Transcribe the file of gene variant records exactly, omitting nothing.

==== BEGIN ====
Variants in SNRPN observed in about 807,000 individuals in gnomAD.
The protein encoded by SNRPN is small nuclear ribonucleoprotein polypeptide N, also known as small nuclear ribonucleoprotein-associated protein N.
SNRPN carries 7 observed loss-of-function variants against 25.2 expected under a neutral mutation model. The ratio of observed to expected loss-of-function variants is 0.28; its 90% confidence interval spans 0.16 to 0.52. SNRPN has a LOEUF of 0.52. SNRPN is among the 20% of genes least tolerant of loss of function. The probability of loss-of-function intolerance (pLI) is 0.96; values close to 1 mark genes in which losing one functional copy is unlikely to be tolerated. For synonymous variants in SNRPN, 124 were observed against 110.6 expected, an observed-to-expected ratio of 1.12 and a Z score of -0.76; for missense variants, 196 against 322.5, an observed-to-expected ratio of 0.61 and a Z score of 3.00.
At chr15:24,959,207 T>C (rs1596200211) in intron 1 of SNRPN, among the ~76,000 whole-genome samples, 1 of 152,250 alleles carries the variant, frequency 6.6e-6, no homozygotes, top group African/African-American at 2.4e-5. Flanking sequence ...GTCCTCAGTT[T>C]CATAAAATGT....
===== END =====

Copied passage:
Variants in SNRPN observed in about 807,000 individuals in gnomAD.
The protein encoded by SNRPN is small nuclear ribonucleoprotein polypeptide N, also known as small nuclear ribonucleoprotein-associated protein N.
SNRPN carries 7 observed loss-of-function variants against 25.2 expected under a neutral mutation model. The ratio of observed to expected loss-of-function variants is 0.28; its 90% confidence interval spans 0.16 to 0.52. SNRPN has a LOEUF of 0.52. SNRPN is among the 20% of genes least tolerant of loss of function. The probability of loss-of-function intolerance (pLI) is 0.96; values close to 1 mark genes in which losing one functional copy is unlikely to be tolerated. For synonymous variants in SNRPN, 124 were observed against 110.6 expected, an observed-to-expected ratio of 1.12 and a Z score of -0.76; for missense variants, 196 against 322.5, an observed-to-expected ratio of 0.61 and a Z score of 3.00.
At chr15:24,959,207 T>C (rs1596200211) in intron 1 of SNRPN, among the ~76,000 whole-genome samples, 1 of 152,250 alleles carries the variant, frequency 6.6e-6, no homozygotes, top group African/African-American at 2.4e-5. Flanking sequence ...GTCCTCAGTT[T>C]CATAAAATGT....